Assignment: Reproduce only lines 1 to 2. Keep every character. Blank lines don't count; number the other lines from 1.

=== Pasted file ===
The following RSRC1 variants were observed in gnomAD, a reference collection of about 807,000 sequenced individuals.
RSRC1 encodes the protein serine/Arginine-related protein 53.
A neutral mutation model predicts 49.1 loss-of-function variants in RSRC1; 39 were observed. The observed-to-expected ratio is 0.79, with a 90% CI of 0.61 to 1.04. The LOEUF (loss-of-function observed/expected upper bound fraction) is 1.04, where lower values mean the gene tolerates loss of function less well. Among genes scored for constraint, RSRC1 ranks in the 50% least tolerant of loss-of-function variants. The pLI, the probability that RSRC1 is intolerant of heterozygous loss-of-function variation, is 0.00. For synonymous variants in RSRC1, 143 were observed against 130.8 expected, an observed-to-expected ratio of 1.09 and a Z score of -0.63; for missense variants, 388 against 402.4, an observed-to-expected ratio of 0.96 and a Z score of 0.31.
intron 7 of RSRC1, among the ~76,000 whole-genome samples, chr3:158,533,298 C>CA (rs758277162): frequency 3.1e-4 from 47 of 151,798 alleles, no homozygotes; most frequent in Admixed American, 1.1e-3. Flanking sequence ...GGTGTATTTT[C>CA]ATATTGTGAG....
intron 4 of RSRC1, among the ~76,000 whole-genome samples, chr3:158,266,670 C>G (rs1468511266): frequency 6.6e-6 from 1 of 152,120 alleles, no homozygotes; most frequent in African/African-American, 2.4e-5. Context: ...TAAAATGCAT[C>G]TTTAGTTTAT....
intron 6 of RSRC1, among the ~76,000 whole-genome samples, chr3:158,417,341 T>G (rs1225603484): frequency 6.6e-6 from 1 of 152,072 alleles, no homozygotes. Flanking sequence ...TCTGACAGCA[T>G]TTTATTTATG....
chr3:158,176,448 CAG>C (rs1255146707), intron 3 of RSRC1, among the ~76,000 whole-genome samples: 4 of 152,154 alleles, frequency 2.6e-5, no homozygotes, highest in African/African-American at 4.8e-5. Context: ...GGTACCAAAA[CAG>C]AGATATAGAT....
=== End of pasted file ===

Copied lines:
The following RSRC1 variants were observed in gnomAD, a reference collection of about 807,000 sequenced individuals.
RSRC1 encodes the protein serine/Arginine-related protein 53.